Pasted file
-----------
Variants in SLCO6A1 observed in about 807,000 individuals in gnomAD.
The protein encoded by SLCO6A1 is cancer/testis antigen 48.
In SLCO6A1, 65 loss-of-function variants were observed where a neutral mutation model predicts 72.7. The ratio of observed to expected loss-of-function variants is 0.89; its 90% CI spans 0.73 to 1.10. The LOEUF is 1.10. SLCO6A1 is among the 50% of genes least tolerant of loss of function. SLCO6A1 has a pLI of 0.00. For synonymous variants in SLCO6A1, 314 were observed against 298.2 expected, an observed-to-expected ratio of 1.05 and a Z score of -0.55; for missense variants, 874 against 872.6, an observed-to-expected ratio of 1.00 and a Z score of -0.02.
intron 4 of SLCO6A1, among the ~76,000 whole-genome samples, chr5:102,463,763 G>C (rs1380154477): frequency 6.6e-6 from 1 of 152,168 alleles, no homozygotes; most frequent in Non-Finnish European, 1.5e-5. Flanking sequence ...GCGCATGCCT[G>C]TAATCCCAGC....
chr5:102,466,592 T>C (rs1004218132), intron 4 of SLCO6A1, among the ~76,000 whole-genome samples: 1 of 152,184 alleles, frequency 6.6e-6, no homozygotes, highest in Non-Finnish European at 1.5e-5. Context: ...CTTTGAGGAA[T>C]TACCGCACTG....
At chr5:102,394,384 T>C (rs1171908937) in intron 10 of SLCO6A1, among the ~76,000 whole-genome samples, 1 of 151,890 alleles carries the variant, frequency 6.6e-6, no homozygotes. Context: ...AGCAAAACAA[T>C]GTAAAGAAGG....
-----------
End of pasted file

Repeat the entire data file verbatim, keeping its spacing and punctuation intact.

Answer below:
Variants in SLCO6A1 observed in about 807,000 individuals in gnomAD.
The protein encoded by SLCO6A1 is cancer/testis antigen 48.
In SLCO6A1, 65 loss-of-function variants were observed where a neutral mutation model predicts 72.7. The ratio of observed to expected loss-of-function variants is 0.89; its 90% CI spans 0.73 to 1.10. The LOEUF is 1.10. SLCO6A1 is among the 50% of genes least tolerant of loss of function. SLCO6A1 has a pLI of 0.00. For synonymous variants in SLCO6A1, 314 were observed against 298.2 expected, an observed-to-expected ratio of 1.05 and a Z score of -0.55; for missense variants, 874 against 872.6, an observed-to-expected ratio of 1.00 and a Z score of -0.02.
intron 4 of SLCO6A1, among the ~76,000 whole-genome samples, chr5:102,463,763 G>C (rs1380154477): frequency 6.6e-6 from 1 of 152,168 alleles, no homozygotes; most frequent in Non-Finnish European, 1.5e-5. Flanking sequence ...GCGCATGCCT[G>C]TAATCCCAGC....
chr5:102,466,592 T>C (rs1004218132), intron 4 of SLCO6A1, among the ~76,000 whole-genome samples: 1 of 152,184 alleles, frequency 6.6e-6, no homozygotes, highest in Non-Finnish European at 1.5e-5. Context: ...CTTTGAGGAA[T>C]TACCGCACTG....
At chr5:102,394,384 T>C (rs1171908937) in intron 10 of SLCO6A1, among the ~76,000 whole-genome samples, 1 of 151,890 alleles carries the variant, frequency 6.6e-6, no homozygotes. Context: ...AGCAAAACAA[T>C]GTAAAGAAGG....